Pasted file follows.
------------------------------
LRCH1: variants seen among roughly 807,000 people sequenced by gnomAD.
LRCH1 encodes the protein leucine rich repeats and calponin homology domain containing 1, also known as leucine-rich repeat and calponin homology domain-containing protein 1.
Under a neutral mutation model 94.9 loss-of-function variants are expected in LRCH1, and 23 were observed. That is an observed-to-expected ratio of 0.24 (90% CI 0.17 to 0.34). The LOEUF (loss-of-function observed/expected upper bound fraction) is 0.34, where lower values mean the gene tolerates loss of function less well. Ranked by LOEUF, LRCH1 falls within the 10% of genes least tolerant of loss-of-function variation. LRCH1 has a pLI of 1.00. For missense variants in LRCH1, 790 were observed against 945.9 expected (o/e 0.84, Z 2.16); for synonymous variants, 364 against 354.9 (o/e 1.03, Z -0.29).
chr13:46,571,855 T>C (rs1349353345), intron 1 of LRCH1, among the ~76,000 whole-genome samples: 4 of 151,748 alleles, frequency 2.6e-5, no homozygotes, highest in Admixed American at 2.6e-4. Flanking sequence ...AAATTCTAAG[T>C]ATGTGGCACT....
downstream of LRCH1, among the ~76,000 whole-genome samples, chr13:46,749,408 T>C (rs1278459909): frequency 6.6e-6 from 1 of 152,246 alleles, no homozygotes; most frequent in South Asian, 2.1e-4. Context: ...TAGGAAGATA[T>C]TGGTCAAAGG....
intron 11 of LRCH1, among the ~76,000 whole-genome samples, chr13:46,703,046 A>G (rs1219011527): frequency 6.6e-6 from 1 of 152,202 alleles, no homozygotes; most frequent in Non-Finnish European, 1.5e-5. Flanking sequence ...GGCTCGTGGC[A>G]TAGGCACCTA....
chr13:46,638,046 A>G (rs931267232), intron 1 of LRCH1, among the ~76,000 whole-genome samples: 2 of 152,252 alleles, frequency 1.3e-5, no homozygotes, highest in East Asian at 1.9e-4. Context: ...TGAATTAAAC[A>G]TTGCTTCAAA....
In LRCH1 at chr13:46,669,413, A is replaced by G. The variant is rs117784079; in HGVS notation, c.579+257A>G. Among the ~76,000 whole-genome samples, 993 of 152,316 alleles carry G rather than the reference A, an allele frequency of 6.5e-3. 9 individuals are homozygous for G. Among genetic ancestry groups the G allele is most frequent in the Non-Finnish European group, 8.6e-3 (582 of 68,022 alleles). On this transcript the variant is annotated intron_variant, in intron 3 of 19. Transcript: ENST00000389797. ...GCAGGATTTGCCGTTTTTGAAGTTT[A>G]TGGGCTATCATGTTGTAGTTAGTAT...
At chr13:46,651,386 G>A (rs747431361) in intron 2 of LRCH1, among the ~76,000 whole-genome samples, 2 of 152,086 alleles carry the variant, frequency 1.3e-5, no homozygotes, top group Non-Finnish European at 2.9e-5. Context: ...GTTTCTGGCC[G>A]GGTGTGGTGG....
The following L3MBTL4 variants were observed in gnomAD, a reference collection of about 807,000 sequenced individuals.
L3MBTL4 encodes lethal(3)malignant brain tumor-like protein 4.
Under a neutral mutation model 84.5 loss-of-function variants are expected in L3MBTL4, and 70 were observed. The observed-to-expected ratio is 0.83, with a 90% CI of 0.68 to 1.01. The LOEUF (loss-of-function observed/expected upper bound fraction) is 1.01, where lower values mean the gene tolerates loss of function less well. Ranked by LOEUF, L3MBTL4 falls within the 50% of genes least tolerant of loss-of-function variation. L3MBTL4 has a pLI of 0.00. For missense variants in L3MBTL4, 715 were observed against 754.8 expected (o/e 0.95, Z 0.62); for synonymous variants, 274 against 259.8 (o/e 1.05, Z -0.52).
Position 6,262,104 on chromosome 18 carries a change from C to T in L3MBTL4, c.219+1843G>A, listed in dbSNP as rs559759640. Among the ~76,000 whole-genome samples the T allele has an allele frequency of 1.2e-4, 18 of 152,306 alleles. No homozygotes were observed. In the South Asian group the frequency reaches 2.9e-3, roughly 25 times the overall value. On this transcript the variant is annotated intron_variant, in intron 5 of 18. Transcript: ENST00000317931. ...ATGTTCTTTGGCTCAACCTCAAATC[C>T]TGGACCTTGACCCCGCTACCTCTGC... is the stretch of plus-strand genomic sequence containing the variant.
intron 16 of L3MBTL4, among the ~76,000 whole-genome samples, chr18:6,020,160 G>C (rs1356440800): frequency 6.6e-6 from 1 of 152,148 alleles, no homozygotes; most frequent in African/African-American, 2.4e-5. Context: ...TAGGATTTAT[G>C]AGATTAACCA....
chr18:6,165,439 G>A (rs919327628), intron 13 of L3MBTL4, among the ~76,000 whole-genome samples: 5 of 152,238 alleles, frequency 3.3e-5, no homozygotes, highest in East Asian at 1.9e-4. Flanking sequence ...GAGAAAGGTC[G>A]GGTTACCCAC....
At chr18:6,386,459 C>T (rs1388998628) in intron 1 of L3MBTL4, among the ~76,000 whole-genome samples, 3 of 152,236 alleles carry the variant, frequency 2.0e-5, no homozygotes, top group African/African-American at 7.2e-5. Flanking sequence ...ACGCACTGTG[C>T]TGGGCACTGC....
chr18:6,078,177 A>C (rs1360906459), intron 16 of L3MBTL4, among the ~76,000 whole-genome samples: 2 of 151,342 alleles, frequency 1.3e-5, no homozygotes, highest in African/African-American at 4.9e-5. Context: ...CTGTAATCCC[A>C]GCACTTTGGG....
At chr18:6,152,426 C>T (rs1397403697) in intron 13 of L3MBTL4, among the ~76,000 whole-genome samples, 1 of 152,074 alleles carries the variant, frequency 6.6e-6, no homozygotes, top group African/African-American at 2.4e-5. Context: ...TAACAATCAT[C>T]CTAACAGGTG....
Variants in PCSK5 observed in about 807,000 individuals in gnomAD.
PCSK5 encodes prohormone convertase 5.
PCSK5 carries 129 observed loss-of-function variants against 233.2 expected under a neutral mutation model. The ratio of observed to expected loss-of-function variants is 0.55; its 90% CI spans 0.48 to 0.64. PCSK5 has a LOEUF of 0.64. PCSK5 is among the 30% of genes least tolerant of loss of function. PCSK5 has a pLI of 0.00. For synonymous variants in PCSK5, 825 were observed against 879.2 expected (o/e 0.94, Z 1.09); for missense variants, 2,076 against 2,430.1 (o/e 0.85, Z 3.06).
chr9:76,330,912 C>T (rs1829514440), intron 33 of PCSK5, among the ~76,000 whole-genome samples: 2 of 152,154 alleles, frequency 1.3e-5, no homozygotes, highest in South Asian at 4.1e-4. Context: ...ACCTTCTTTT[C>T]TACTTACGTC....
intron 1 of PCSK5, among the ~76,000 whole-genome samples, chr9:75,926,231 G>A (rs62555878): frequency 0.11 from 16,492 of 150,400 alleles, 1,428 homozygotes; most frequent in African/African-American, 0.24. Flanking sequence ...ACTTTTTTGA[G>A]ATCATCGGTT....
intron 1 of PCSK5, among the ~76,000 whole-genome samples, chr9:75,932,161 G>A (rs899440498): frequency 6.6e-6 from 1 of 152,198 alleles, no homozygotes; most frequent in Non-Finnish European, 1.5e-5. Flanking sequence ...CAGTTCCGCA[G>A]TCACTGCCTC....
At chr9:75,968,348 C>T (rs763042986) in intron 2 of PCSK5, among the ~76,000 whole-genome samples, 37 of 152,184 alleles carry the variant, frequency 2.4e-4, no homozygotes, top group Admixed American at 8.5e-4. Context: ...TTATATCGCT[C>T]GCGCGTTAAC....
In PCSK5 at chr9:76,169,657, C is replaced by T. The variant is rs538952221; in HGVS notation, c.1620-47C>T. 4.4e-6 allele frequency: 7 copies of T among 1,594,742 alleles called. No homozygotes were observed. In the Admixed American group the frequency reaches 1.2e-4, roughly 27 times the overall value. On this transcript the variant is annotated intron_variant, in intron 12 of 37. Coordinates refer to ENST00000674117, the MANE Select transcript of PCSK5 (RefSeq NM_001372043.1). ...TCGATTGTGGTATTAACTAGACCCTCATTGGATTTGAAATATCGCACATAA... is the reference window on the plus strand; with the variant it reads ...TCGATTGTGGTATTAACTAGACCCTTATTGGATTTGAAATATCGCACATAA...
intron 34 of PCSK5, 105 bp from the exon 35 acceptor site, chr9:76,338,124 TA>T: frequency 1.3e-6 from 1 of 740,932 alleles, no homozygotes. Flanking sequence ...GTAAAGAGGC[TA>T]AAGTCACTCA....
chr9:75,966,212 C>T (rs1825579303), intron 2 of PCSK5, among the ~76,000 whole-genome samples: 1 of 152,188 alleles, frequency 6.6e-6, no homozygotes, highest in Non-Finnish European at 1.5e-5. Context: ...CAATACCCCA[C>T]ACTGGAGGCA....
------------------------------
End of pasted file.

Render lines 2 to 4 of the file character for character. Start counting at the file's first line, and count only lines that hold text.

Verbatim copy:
LRCH1 encodes the protein leucine rich repeats and calponin homology domain containing 1, also known as leucine-rich repeat and calponin homology domain-containing protein 1.
Under a neutral mutation model 94.9 loss-of-function variants are expected in LRCH1, and 23 were observed. That is an observed-to-expected ratio of 0.24 (90% CI 0.17 to 0.34). The LOEUF (loss-of-function observed/expected upper bound fraction) is 0.34, where lower values mean the gene tolerates loss of function less well. Ranked by LOEUF, LRCH1 falls within the 10% of genes least tolerant of loss-of-function variation. LRCH1 has a pLI of 1.00. For missense variants in LRCH1, 790 were observed against 945.9 expected (o/e 0.84, Z 2.16); for synonymous variants, 364 against 354.9 (o/e 1.03, Z -0.29).
chr13:46,571,855 T>C (rs1349353345), intron 1 of LRCH1, among the ~76,000 whole-genome samples: 4 of 151,748 alleles, frequency 2.6e-5, no homozygotes, highest in Admixed American at 2.6e-4. Flanking sequence ...AAATTCTAAG[T>C]ATGTGGCACT....